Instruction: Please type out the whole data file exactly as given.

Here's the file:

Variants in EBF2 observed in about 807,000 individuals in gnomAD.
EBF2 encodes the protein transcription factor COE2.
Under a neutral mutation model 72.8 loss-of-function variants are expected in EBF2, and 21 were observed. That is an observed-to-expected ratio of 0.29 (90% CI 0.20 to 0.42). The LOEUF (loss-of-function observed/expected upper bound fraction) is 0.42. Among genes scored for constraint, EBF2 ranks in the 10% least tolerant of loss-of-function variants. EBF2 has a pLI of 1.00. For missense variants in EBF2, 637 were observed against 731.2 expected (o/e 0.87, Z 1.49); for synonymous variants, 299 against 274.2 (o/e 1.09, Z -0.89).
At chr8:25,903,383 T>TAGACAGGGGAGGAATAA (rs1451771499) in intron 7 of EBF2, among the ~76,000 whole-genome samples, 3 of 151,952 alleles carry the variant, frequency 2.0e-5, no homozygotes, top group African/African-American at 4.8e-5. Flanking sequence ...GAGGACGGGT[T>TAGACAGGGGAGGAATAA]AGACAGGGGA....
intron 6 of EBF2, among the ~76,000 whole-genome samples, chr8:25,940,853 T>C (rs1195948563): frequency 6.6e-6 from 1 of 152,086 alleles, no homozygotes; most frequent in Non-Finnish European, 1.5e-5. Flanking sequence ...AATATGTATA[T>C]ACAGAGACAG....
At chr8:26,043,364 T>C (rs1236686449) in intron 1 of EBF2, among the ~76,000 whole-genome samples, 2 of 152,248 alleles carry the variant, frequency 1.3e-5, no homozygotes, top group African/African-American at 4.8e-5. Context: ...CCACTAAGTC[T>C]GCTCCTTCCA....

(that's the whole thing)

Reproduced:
Variants in EBF2 observed in about 807,000 individuals in gnomAD.
EBF2 encodes the protein transcription factor COE2.
Under a neutral mutation model 72.8 loss-of-function variants are expected in EBF2, and 21 were observed. That is an observed-to-expected ratio of 0.29 (90% CI 0.20 to 0.42). The LOEUF (loss-of-function observed/expected upper bound fraction) is 0.42. Among genes scored for constraint, EBF2 ranks in the 10% least tolerant of loss-of-function variants. EBF2 has a pLI of 1.00. For missense variants in EBF2, 637 were observed against 731.2 expected (o/e 0.87, Z 1.49); for synonymous variants, 299 against 274.2 (o/e 1.09, Z -0.89).
At chr8:25,903,383 T>TAGACAGGGGAGGAATAA (rs1451771499) in intron 7 of EBF2, among the ~76,000 whole-genome samples, 3 of 151,952 alleles carry the variant, frequency 2.0e-5, no homozygotes, top group African/African-American at 4.8e-5. Flanking sequence ...GAGGACGGGT[T>TAGACAGGGGAGGAATAA]AGACAGGGGA....
intron 6 of EBF2, among the ~76,000 whole-genome samples, chr8:25,940,853 T>C (rs1195948563): frequency 6.6e-6 from 1 of 152,086 alleles, no homozygotes; most frequent in Non-Finnish European, 1.5e-5. Flanking sequence ...AATATGTATA[T>C]ACAGAGACAG....
At chr8:26,043,364 T>C (rs1236686449) in intron 1 of EBF2, among the ~76,000 whole-genome samples, 2 of 152,248 alleles carry the variant, frequency 1.3e-5, no homozygotes, top group African/African-American at 4.8e-5. Context: ...CCACTAAGTC[T>C]GCTCCTTCCA....